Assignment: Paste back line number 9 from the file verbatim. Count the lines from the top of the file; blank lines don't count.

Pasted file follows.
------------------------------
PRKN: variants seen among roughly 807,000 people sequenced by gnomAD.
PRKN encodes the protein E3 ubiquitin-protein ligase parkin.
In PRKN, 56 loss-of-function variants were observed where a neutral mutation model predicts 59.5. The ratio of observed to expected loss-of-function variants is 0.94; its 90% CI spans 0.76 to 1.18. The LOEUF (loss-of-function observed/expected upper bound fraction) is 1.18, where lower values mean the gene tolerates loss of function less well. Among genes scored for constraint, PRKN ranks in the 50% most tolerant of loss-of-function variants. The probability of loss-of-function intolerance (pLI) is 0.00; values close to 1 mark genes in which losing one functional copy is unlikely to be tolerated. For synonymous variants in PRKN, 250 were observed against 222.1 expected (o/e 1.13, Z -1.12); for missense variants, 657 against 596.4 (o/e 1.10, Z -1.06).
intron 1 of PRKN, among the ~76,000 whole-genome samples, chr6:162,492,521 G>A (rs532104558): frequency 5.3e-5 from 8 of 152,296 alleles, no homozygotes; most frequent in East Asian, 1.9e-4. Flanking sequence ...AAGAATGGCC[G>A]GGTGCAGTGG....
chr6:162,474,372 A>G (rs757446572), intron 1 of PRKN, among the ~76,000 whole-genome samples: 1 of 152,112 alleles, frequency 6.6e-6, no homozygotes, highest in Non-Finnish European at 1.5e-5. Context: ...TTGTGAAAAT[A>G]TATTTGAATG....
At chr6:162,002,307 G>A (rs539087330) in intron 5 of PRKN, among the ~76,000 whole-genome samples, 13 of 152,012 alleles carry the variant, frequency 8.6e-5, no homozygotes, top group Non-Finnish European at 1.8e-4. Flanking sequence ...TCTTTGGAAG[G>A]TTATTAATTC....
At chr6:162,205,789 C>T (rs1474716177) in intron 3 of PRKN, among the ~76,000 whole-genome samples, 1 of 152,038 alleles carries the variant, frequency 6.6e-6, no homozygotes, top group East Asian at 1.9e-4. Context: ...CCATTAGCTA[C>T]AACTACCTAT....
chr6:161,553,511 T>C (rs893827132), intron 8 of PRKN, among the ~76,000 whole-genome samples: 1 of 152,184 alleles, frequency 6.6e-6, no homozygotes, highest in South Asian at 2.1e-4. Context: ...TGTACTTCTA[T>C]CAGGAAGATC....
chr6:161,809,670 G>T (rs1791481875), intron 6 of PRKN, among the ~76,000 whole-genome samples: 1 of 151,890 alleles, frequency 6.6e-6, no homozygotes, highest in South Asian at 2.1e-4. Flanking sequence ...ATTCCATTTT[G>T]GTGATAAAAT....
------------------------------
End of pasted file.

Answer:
chr6:161,809,670 G>T (rs1791481875), intron 6 of PRKN, among the ~76,000 whole-genome samples: 1 of 151,890 alleles, frequency 6.6e-6, no homozygotes, highest in South Asian at 2.1e-4. Flanking sequence ...ATTCCATTTT[G>T]GTGATAAAAT....